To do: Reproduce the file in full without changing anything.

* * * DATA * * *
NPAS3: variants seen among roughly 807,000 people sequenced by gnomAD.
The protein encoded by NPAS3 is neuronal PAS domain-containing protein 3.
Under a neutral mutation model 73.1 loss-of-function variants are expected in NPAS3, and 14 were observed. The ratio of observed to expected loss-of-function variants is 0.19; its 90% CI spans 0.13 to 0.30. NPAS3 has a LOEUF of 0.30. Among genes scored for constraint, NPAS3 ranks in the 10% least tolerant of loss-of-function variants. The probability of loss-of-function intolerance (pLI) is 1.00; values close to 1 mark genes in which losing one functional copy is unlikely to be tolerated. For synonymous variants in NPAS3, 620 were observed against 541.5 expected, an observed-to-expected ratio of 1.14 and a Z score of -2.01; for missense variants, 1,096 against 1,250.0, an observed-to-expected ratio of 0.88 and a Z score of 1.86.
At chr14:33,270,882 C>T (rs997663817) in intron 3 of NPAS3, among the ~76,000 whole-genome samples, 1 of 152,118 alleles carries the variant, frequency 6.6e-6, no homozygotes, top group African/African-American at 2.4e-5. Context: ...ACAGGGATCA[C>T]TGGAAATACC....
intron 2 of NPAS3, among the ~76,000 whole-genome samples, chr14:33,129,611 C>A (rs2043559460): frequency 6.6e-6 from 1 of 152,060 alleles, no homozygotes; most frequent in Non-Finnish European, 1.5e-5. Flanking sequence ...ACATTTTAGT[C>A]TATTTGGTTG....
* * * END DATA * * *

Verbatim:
NPAS3: variants seen among roughly 807,000 people sequenced by gnomAD.
The protein encoded by NPAS3 is neuronal PAS domain-containing protein 3.
Under a neutral mutation model 73.1 loss-of-function variants are expected in NPAS3, and 14 were observed. The ratio of observed to expected loss-of-function variants is 0.19; its 90% CI spans 0.13 to 0.30. NPAS3 has a LOEUF of 0.30. Among genes scored for constraint, NPAS3 ranks in the 10% least tolerant of loss-of-function variants. The probability of loss-of-function intolerance (pLI) is 1.00; values close to 1 mark genes in which losing one functional copy is unlikely to be tolerated. For synonymous variants in NPAS3, 620 were observed against 541.5 expected, an observed-to-expected ratio of 1.14 and a Z score of -2.01; for missense variants, 1,096 against 1,250.0, an observed-to-expected ratio of 0.88 and a Z score of 1.86.
At chr14:33,270,882 C>T (rs997663817) in intron 3 of NPAS3, among the ~76,000 whole-genome samples, 1 of 152,118 alleles carries the variant, frequency 6.6e-6, no homozygotes, top group African/African-American at 2.4e-5. Context: ...ACAGGGATCA[C>T]TGGAAATACC....
intron 2 of NPAS3, among the ~76,000 whole-genome samples, chr14:33,129,611 C>A (rs2043559460): frequency 6.6e-6 from 1 of 152,060 alleles, no homozygotes; most frequent in Non-Finnish European, 1.5e-5. Flanking sequence ...ACATTTTAGT[C>A]TATTTGGTTG....